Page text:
Paska bread making is tradition at N. Catty church
For those who know the subtle difference between kielbasa/kolbasi and pirohy/pierogi, Holy Trinity Orthodox Church, North Catasauqua, has a treat for you.
“There are quite a few orthodox churches in the area, but this is the ‘mother’ church. It was the first one in the Lehigh Valley,” Kip Fedetz said. “The men from the coal region came down here.”
That was 119 years ago.
The 1023 Fifth St. church makes paska, a traditional Easter bread.
“Everything is organic. We use whole milk, unsalted butter, organic eggs, sugar and yeast,” Fedetz said. “We have our own secret ingredient, but that stays with us.”
The church puts out 320 loaves for Easter at only $9 a pop.
“We have customers who have been with us for a while. We ship to one customer in Florida. By tradition, when you make paska, you need to have happy thoughts,” he said.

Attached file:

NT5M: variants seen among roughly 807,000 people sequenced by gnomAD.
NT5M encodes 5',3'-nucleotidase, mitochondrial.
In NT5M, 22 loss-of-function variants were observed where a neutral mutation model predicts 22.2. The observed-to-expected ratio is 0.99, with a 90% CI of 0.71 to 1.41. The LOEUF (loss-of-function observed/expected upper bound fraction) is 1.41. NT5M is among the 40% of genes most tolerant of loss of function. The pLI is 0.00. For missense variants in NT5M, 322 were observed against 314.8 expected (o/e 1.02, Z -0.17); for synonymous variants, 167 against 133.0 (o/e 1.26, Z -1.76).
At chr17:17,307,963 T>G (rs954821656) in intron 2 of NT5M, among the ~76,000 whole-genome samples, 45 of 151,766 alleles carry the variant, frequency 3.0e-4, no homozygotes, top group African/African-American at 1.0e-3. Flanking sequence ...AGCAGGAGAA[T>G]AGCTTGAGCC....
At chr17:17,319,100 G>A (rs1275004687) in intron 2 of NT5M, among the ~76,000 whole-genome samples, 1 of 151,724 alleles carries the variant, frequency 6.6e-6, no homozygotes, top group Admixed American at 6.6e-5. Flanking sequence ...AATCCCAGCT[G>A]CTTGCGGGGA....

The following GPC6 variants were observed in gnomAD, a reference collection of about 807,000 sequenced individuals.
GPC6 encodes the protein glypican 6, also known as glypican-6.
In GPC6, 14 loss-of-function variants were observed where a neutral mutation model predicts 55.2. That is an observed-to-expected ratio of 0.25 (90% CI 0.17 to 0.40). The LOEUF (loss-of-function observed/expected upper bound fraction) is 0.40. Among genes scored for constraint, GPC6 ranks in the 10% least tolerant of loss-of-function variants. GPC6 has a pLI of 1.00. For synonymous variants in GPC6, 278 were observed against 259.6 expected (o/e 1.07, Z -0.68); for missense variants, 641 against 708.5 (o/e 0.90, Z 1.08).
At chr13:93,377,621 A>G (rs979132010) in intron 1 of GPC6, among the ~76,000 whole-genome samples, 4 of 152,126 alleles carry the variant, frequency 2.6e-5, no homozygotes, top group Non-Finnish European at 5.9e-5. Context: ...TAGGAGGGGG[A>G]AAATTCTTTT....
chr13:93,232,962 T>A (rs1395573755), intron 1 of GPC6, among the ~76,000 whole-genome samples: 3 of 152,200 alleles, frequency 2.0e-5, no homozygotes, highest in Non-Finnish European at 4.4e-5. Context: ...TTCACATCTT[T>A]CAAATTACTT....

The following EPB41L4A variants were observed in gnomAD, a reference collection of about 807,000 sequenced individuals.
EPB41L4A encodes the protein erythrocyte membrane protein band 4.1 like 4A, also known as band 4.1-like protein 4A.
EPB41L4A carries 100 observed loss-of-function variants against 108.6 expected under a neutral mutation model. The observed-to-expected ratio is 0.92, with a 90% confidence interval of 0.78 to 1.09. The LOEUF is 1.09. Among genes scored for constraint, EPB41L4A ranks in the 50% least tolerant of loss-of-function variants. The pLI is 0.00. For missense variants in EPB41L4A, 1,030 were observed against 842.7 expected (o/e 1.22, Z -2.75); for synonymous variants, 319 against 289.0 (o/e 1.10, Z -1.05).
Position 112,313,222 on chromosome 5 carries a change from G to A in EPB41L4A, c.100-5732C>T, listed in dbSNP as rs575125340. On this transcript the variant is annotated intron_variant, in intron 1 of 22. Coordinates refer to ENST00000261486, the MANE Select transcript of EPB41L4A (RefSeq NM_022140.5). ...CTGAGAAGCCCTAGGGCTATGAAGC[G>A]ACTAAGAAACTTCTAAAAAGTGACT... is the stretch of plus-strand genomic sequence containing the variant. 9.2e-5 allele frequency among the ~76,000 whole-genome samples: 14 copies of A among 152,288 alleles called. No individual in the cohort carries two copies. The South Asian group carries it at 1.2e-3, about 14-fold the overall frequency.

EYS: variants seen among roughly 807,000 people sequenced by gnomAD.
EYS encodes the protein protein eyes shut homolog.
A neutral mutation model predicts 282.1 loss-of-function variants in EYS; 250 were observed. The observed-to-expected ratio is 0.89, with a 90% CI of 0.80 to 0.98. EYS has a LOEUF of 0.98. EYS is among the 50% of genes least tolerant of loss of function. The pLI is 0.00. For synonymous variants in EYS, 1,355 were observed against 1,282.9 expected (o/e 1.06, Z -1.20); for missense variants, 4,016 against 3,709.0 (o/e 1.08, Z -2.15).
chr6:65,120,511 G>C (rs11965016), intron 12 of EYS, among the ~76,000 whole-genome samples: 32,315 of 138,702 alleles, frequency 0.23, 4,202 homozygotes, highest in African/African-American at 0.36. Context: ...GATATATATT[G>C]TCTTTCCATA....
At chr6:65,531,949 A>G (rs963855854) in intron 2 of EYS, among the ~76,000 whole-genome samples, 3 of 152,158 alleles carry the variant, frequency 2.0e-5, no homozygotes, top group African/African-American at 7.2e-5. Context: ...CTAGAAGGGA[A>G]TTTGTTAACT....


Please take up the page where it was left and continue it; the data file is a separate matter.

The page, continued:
Everybody in the parish contributes to the process at some point. Although that may seem like an exuberant statement, the church has 27 members.
“It’s more like a community. Many of the members are converts, but they agree with our beliefs,” Fedetz said.
Tim Strain, one of the converts, thinks it’s the best thing he did.
“It took me a little to get the traditions and beliefs, but I am happy here,” he said.
Fedetz’s wife helps out with the baking and his son Andrew, along with his wife, show up on the production line.
“We did a little advertising and marketing to grow to the level we are now,” Fedetz said.
The basics of paska: The dough is rolled into long strings and then braided. The braid is put into a sauce pan, allowed to rise and then baked in a convection oven.
“Traditionally, there are supposed to be three braids, one for each member of the Holy Trinity, but we had to go with two to get the loaves out,” Fedetz said.
Another important point. Paska needs to be baked in steel-enameled pots.
“They are getting harder and harder to find. Most of the time, we need to order them online,” Fedetz said.
The bread then comes out of the oven, onto the cooling rack and packaged for customers — no robots, conveyor belts or frozen pre-mixed dough.
“We do everything in the traditional way,” Fedetz said.
The church also often has kolachi and kielbasa imported from the coal region. The secret supplier is somewhere near Duryea, Luzerne County.